Use of pressure drawdown tests to characterize gas wells has long been accepted, in principle, to be an excellent formation evaluation technique. In practice, however, the theoretical requirement that flow rates must be maintained strictly constant during the test has led to two major problems:the constant flow rate requirement is frequently ignored, and use of conventional analysis on such tests has led to serious error in many cases, leading to a loss of confidence in drawdown testing; orthe constant flow rate is maintained, but only with a great deal of difficulty.
Winestock and Colpitts showed that both problems could be avoided if gas-well drawdown tests were run with a fixed choke - usually resulting in a slowly decreasing flow rate during the test - if a simple modification of conventional analysis theory is employed. In fact, Winestock and Colpitts claimed that the method they proposed would be adequate in general for smoothly varying flow rates, even though the total change in flow rate from beginning to end of a test was large. This claim requires justification because the method proposed by Winestock and Colpitts is an approximation, and it clearly must fail when the rate of change in flow rate is sufficiently large. The purpose of our investigations, therefore, was to find the limits of applicability of the Winestock and Colpitts method.
First, we reviewed their proposed method and the reason for the method. A frequently used equation describing a pressure drawdown test in a gas well is pressure drawdown test in a gas well is+F (1)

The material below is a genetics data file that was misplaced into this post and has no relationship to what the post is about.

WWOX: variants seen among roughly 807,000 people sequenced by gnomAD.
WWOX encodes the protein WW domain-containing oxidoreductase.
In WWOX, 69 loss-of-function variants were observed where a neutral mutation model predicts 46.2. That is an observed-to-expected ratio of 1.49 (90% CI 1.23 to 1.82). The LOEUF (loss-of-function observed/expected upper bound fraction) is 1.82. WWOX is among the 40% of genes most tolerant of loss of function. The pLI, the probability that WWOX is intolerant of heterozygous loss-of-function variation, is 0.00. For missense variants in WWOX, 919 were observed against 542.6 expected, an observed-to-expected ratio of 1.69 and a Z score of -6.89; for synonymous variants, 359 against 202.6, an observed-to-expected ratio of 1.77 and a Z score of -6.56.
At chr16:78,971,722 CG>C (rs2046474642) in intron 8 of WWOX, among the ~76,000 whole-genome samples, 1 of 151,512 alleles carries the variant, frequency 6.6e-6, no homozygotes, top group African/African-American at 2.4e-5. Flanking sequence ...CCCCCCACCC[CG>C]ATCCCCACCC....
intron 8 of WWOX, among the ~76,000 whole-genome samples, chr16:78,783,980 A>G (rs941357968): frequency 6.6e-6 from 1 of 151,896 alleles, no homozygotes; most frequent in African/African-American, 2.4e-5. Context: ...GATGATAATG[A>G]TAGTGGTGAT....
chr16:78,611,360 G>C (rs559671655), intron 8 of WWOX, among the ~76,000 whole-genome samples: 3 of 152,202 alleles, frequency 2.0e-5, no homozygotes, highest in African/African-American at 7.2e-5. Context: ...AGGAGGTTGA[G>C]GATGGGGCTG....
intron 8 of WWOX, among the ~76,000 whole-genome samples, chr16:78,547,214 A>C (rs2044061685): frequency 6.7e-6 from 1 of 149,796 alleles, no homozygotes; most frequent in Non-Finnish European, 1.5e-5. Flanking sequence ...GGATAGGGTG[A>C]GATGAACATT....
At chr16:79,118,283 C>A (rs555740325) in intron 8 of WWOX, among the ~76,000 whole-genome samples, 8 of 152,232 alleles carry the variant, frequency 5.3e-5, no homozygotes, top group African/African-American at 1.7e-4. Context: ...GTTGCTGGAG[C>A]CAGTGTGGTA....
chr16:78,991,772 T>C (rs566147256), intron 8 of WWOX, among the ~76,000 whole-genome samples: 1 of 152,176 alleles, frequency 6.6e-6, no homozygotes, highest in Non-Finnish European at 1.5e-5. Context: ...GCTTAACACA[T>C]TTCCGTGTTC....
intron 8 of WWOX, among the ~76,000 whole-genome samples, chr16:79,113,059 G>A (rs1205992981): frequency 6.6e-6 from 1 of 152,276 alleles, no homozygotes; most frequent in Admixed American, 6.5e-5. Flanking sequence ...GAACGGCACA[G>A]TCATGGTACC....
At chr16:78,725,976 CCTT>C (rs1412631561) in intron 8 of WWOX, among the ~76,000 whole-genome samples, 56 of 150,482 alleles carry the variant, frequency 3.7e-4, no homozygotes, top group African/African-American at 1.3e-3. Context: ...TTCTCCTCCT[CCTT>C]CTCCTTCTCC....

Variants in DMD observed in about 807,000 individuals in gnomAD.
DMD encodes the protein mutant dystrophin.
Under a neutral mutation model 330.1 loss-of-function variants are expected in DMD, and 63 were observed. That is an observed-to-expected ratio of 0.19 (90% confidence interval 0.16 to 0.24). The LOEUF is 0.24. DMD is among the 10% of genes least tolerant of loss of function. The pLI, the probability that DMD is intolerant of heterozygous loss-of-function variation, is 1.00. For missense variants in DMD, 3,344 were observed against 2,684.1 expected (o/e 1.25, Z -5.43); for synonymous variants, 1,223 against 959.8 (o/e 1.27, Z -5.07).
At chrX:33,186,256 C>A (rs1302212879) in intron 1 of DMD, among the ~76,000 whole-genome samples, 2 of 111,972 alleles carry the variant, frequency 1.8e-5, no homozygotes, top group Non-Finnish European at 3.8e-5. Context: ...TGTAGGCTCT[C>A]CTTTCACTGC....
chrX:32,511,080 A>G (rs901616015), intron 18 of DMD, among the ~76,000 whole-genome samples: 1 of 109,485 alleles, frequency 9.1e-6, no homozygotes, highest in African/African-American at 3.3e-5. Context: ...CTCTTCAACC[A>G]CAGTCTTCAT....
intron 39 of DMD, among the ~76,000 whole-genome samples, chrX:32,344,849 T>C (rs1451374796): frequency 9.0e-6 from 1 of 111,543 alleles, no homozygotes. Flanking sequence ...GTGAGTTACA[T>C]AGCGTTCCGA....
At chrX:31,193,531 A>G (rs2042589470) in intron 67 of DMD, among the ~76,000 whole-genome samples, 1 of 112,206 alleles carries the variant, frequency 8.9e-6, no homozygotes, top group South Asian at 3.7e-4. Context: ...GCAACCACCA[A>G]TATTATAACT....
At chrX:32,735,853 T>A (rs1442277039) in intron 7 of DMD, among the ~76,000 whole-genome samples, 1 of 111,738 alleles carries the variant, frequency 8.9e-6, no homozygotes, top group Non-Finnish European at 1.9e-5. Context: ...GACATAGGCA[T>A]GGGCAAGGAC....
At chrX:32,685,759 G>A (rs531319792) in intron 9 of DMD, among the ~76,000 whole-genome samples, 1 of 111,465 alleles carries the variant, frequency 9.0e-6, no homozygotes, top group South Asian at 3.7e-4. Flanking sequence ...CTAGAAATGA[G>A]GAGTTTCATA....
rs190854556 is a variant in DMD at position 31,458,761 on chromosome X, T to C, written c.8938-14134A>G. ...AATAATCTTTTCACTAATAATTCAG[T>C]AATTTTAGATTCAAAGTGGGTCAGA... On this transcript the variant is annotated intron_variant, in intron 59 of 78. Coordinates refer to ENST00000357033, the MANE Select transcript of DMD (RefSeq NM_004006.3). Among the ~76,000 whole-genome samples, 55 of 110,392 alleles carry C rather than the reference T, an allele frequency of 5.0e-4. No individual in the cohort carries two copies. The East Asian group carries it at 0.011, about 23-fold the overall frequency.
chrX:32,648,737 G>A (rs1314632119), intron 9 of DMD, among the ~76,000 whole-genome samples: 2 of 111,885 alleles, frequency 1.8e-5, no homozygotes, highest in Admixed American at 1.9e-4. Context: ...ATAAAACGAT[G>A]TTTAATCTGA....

In this equation all terms except flowing bottom-hole pressure, Pwf, and test time, t, are assumed to be constant. Winestock Pwf, and test time, t, are assumed to be constant. Winestock and Colpitts point out that use of the equation in this form can lead to serious errors if it is applied to analyze drawdown tests in which flow rates vary even slightly during the test. They propose, however, that for a test with flow rate varying slightly, the test is modeled adequately by a simple rearrangement of Eq. 1:
= 712 (2)
They propose that the entire group on the left side of Eq. 2, consisting of two variables, bottom-hole flowing pressure, Pwf, and gas production rate qr, both measured pressure, Pwf, and gas production rate qr, both measured during the test, be plotted against the logarithm of test time, t. The permeability thickness product would then be a function of the slope of the resulting line. The turbulence constant, F B, must be obtained before this graph can be prepared.
- STANDARD CONSTANT-RATE PRESSURE DRAWDOWN DATA IS USUALLY DIFFICULT TO OBTAIN IN GAS WELLS.WINESTOCK AND COLPITTS PROPOSED AN APPROXIMATE METHOD FOR THE CASE OF SLOWLY VARYING FLOW RATES.THE PRESENT NOTE INVESTIGATES THE RANGE OF APPLICABILITY OF THIS APPROXIMATE METHOD.GAS RESERVOIR DRAWDOWN TESTS WERE SIMULATED USING A FINITE-DIFFERENCE RESERVOIR SIMULATOR.PRODUCTION RATES WERE VARIED BY AS MUCH AS 200 PERCENT, AND MAXIMUM FLOW RATE WAS VARIED BETWEEN 10 AND 75 PERCENT OF ABSOLUTE OPEN FLOW.RESULTS SHOWED THAT AS MUCH AS A 50 PERCENT DECLINE RATE (PER DIMENSIONLESS TIME-LOG CYCLE) WOULD YIELD A CORRECT VALUE FOR PERMEABILITY-THICKNESS PRODUCT, BUT A SMALL ERROR IN SKIN WOULD RESULT.A DECLINE RATE OF 200 PERCENT PER LOG CYCLE CAUSED NOTICEABLE ERRORS IN BOTH CALCULATIONS.(A.)